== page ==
Producers uprooted more than 10,000 apple trees from illegal plantations in two Chilean regions

Two apple orchards located in regions VI and VII, which had more than ten thousand plants replanted with the Rosy Glow variety without authorization from ANA Chile, were recently uprooted and all their plant material destroyed. This happened by virtue of preliminary agreements reached between ANA Chile (exclusive licensee in Chile for this variety) and the respective producers. These agreements also contemplated the payment of compensation.

In an effort to control illegal plantations of protected varieties, that is, those that don't have the corresponding license, the Department of Surveillance of ANA Chile has been carrying out a program that contemplates the verification of orchards of the varieties that the company controls, verifying that these, in fact, contain the number of plants that have been acquired from the licensed nurseries and that the volume of fruit produced is in accordance with said plantation.

"Having to uproot orchards is a very unfortunate situation, but we believe it sends the right signal to the industry. Producing fruit from illegal plants is detrimental to those producers who are licensees and who do respect intellectual property", stated agronomist Teresa Molina is in charge of the Surveillance Department of ANA Chile. "These control actions are very necessary. Chilean producers have paid royalties for more than three million plants of this variety, acquiring the rights for their plantation and fruit production, rights that must be protected."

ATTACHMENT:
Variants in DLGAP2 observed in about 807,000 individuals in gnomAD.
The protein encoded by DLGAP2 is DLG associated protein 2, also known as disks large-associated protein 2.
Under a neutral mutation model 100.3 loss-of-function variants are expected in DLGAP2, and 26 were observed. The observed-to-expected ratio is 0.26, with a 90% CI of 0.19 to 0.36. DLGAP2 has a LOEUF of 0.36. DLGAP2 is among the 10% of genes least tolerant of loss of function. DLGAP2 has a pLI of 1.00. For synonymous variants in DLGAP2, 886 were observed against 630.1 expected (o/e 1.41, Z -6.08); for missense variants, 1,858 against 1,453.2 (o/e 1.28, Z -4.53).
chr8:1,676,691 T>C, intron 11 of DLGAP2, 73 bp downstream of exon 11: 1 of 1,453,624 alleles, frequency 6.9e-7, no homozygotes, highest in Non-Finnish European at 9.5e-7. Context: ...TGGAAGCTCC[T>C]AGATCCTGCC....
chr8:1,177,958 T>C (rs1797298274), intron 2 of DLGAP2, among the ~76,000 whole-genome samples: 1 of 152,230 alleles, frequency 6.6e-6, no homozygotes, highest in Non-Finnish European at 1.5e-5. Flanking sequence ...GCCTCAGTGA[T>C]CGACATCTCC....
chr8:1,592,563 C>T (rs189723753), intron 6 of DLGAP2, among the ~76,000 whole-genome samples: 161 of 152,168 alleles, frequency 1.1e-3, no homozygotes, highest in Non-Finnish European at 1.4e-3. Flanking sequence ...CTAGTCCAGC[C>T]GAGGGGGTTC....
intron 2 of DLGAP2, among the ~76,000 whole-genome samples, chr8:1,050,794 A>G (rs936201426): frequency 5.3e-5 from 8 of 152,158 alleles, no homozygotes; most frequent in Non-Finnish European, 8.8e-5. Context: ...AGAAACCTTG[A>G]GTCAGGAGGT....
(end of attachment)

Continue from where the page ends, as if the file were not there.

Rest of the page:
Molina also leads other initiatives of ANA Chile along the same line. "This season we have made, among other actions, considerable communication efforts to create awareness in the industry through advertisements, publications in magazines, explanatory videos, etc. We know we need to make cultural changes that take time, but we believe and trust in our producers and their responsibility."

The development of a new variety of fruit through traditional crosses can take 10 to 15 years. This involves hard work on the part of geneticists or breeders and involves a huge investment of resources. Subsequently, they must be taken to the country where they plan to grow them, where they must undergo quarantine and agronomic evaluation processes, which take at least 5 or 6 more years. That's why the intellectual property of every new variety that is positively evaluated must be protected.

"ANA Chile will continue its surveillance programs during this and future seasons, visiting nurseries and productive orchards to protect the interests of all participants in the value chain that work to generate and offer the industry new varietal opportunities, including the rights that producers and marketers have legitimately acquired through the payment of their royalties."

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ANA Chile

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